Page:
Re: Click consonants
|From:||Eddy Ohlms <etg@...>|
|Date:||Friday, December 19, 2003, 5:10|
> It's probably best to compare the dorsal stops available in a language to
> the click accompaniments it manifests. For instance, Dahalo, a Cushitic
> language that contains clicks has voiceless, prenasalized voiceless,
> voiced, prenasalized voiced, and ejective velar stops /k, g, k', Nk, Ng/,
> plus the same set labialized /kw, gw, k', Nkw, Ngw, k'w/(but no velar
> nasal at all!), but only voiced and voiceless nasalized clicks, both plain
> and labialized /N|, N_o|, N|w, N_o|w/. Dahalo also is limited in having
> only dental clicks, so its inventory is quite impoverished compared to
> other click languages.
Fascinating. I've been wondering what clicks Dahalo has.
> Hadza has voiceless aspirated & unaspirated, voiced, prenasalized vls
> aspirated & voiced, and ejective velar stops plus a velar nasal, and all
> also labialized *except* for the prenasalized stops, /kh, k, g, k', N, Nkh,
> Ng, khw, kw, gw, k'w, Nw/. In contrast it has only three click
> accompaniments, voiceless (unaspirated), nasalized, and voiceless nasalized
> plus glottal stop /k|, N|, N_o|'/. Hadza has dental, alveolar, and lateral
> clicks, similar to the Nguni Bantu languages (Xhosa, Zulu, etc), though
> some speakers are reported to have a flapped allophone of the alveolar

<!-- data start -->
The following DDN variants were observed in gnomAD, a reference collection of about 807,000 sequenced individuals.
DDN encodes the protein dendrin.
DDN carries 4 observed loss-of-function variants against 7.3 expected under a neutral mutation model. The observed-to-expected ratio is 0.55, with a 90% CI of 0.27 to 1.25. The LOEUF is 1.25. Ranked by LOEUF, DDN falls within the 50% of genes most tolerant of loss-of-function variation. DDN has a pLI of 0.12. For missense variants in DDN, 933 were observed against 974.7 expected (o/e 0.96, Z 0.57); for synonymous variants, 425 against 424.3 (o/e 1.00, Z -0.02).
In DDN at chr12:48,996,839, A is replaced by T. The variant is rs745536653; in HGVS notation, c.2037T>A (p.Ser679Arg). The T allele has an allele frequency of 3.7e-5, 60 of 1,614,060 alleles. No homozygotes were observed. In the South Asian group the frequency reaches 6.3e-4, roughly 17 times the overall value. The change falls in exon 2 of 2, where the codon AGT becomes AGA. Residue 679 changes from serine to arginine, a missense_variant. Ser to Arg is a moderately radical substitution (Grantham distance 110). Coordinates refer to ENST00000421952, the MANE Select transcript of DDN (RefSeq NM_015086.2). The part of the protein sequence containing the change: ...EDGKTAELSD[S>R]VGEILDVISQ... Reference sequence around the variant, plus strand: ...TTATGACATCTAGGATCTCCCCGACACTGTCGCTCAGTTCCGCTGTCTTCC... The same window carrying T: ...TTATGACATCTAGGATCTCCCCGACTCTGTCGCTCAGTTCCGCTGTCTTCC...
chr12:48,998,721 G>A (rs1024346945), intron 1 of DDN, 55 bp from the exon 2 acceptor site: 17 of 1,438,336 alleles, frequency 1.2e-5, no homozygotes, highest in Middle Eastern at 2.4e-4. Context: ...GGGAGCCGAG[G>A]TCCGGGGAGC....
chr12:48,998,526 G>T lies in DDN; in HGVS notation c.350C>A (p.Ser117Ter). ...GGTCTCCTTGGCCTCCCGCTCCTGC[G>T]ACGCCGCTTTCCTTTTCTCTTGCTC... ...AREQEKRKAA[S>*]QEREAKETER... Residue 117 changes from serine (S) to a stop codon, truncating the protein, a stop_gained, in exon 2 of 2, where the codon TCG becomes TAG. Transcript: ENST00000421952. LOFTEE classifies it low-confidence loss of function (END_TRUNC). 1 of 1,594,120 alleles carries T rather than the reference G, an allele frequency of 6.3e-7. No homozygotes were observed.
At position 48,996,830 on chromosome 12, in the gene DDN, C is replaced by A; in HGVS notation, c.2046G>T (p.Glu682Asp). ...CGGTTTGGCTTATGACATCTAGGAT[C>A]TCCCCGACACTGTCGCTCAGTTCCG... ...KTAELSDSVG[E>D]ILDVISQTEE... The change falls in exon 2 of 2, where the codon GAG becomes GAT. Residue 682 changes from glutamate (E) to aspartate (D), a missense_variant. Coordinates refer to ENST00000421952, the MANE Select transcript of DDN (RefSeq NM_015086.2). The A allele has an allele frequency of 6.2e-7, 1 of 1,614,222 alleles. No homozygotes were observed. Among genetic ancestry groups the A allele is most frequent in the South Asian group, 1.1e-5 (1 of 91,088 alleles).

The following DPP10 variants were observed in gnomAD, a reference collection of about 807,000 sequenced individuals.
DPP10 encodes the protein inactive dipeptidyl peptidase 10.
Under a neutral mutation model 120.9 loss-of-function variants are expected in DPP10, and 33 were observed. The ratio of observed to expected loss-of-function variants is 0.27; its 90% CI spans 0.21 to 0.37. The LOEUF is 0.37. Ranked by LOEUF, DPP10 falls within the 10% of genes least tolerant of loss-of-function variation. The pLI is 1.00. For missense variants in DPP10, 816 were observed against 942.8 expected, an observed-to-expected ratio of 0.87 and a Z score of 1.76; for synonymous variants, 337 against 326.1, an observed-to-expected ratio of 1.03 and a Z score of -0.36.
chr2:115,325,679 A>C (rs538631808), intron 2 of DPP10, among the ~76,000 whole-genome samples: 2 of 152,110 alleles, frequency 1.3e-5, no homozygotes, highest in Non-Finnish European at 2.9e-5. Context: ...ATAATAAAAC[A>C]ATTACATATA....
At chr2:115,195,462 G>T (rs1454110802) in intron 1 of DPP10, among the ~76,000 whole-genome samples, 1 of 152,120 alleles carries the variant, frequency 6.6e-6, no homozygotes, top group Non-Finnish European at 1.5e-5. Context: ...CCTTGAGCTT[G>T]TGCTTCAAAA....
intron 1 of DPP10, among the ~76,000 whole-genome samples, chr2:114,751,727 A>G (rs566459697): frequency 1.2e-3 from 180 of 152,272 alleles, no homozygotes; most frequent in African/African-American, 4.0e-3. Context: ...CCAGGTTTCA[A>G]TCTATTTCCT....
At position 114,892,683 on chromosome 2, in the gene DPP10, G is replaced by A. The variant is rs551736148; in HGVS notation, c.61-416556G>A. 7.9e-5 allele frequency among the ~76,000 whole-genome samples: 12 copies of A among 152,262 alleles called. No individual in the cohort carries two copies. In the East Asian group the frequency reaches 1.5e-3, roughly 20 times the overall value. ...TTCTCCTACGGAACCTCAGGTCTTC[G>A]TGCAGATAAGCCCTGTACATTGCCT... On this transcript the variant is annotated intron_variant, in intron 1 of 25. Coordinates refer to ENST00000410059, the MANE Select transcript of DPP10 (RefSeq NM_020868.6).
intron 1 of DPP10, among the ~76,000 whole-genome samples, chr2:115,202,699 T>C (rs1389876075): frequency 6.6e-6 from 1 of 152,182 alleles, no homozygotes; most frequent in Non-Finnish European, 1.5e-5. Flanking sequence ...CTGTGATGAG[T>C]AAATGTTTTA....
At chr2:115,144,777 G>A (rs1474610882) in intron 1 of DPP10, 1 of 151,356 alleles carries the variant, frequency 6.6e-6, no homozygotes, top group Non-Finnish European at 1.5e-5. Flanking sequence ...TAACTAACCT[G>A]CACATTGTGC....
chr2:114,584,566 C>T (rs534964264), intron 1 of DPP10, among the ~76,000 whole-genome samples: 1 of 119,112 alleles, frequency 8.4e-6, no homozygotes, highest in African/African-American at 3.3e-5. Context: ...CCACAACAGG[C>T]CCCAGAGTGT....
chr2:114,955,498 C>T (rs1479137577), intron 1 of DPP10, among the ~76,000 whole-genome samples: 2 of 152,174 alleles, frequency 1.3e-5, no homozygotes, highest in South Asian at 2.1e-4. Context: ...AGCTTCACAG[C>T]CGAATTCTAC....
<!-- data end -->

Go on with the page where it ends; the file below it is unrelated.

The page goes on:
> click, in which the tongue hits the floor of the mouth after its alveolar
> contact is released.
Cool. That answers a lot of questions about Hadza for me.
> !Xoo, on the other hand, is typical of the southern Khoisan languages in
> having a much larger inventory of both dorsal stops - both velar and
> uvular - and click accompaniments, although it actually has *more* click
> accompaniments than plain dorsals, /kh, k, g, k', kx', gkh, gkx' (the last
> two are prevoiced stops), qh, q, G, q', Gqh/ vs clicks /k|h, k|, g|, k|x,
> k|x', gk|x, gk|x', q|h, q|, G|, q|', gq|h, Gq|h, N|, N_o|, 'N|, N_o|'/. !
> Xoo also has a large set of clicks, labial, dental, alveolar, palatal, and
> lateral. Surprisingly, labial clicks only occur in a few Southern Khoisan
> languages and in the now-defunct Damin.
How do you know that about !Xóõ? I can find very little on it. A decendent of
my main conlang Kûtêlku, has prevoiced sounds. This conlang is called N!à. A
good example of a prevoiced click in it is the word for "fall", which is